This page describes the current research projects being undertaken in the Mulder lab. For information on past projects, please navigate to the Home page and click through the photos in the slide show, or visit the Publications page.
1. Understanding individual differences in social behaviour: the role of personality
In many animals, individuals differ consistently in suites of correlated and heritable behaviours, comparable to human personalities. Recent research suggests that personalities should influence key socio-ecological processes (e.g. dispersal, cooperation, parental investment, and mate choice), but they have rarely been studied in this context.
We are using an experimental approach to determine how:
a) personality affects critical social and life-history decisions in a cooperatively breeding bird
b) early social environment contributes to the development of personality.
We are using the superb fairy-wren (Malurus cyaneus) as a model system to explore these questions. We hope to shed light on the ecological importance of personality variation and improve our understanding of the evolution and maintenance of social behaviour.
2. Behavioural ecology of the black swan
Our research into the behavioural ecology of the black swan (Cygnus atratus) began in 2006 when we started tagging and monitoring the population at Albert Park, Melbourne. Over time, many projects have been carried out on this population including research into mating systems, communication, and response to disturbance. Individuals are marked with collars with unique identification codes allowing us to track individuals over time. This long-term monitoring program utilises a group of citizen scientists who regularly submit sightings of individual birds at various locations around Victoria, through a website (myswan.org.au) and a smartphone application (available from iTunes).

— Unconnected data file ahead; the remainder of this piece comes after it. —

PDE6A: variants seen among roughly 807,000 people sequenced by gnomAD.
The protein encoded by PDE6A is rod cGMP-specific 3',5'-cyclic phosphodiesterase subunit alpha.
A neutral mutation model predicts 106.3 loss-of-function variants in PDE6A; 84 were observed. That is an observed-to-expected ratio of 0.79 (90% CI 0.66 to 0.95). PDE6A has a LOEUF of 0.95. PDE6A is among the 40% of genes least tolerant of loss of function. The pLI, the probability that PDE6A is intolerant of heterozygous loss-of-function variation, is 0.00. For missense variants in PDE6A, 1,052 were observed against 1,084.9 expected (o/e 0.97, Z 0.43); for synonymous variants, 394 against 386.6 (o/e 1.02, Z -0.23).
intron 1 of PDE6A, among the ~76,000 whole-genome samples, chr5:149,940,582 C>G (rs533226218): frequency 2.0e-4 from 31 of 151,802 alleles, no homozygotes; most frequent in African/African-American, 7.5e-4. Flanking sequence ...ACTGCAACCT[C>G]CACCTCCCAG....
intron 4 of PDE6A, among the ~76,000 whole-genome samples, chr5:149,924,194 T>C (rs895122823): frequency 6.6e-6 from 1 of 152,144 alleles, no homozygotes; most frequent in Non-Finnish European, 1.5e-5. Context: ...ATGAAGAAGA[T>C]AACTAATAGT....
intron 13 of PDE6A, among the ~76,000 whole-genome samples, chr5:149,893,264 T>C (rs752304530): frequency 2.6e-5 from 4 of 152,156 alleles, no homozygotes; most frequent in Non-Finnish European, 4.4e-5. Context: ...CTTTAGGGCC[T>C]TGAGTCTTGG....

Two projects are currently being carried out on the tagged black swan population. The first examines the function of bill colouration, and the role it may have as an identity or quality signal. Black swans have a distinctive white stripe on their red bills. This is the first study to examine the function of non-pigmented bill ornaments, facilitating comparison of the selection processes favouring difference colouration traits. The second study that examines the complex relationships and structure of social networks within the population, and the costs and benefits associated with centrality in the network.
3. Conservation genetics of the threatened malleefowl
The malleefowl (Leiopa ocellata) is a threatened Australian megapod; most notable for the large mounds it builds to incubate its eggs. Severe habitat loss and fragmentation has meant that the malleefowl has lost over half of its natural range. The species is also threatened by predation from introduced foxes and feral cats. This reduction in both range and population size is likely to have resulted in a loss of genetic diversity.
In this project, we aim to investigate the genetic variation of malleefowl across their range, and compare this with historical museum specimens to establish any changes. We will also examine the mating system of malleefowl by examining the paternity of chicks. We can then use this information to create a population viability model to determine which populations are at risk of extinction.